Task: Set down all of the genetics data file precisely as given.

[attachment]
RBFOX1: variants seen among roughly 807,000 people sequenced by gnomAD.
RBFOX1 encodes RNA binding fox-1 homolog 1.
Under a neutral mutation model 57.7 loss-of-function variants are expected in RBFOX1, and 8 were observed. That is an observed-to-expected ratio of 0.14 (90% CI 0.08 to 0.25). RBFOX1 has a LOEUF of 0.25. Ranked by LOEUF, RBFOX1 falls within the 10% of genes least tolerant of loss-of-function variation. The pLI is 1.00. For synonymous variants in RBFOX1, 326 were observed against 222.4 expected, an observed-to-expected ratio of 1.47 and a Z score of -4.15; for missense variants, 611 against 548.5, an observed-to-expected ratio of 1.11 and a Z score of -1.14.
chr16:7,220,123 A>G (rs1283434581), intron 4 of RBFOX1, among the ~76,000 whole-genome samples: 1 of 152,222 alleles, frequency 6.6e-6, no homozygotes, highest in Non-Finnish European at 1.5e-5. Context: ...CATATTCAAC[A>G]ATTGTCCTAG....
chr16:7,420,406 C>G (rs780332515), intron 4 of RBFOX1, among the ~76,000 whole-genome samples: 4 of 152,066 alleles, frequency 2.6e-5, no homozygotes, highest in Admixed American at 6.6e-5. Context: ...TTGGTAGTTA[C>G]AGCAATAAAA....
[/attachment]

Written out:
RBFOX1: variants seen among roughly 807,000 people sequenced by gnomAD.
RBFOX1 encodes RNA binding fox-1 homolog 1.
Under a neutral mutation model 57.7 loss-of-function variants are expected in RBFOX1, and 8 were observed. That is an observed-to-expected ratio of 0.14 (90% CI 0.08 to 0.25). RBFOX1 has a LOEUF of 0.25. Ranked by LOEUF, RBFOX1 falls within the 10% of genes least tolerant of loss-of-function variation. The pLI is 1.00. For synonymous variants in RBFOX1, 326 were observed against 222.4 expected, an observed-to-expected ratio of 1.47 and a Z score of -4.15; for missense variants, 611 against 548.5, an observed-to-expected ratio of 1.11 and a Z score of -1.14.
chr16:7,220,123 A>G (rs1283434581), intron 4 of RBFOX1, among the ~76,000 whole-genome samples: 1 of 152,222 alleles, frequency 6.6e-6, no homozygotes, highest in Non-Finnish European at 1.5e-5. Context: ...CATATTCAAC[A>G]ATTGTCCTAG....
chr16:7,420,406 C>G (rs780332515), intron 4 of RBFOX1, among the ~76,000 whole-genome samples: 4 of 152,066 alleles, frequency 2.6e-5, no homozygotes, highest in Admixed American at 6.6e-5. Context: ...TTGGTAGTTA[C>G]AGCAATAAAA....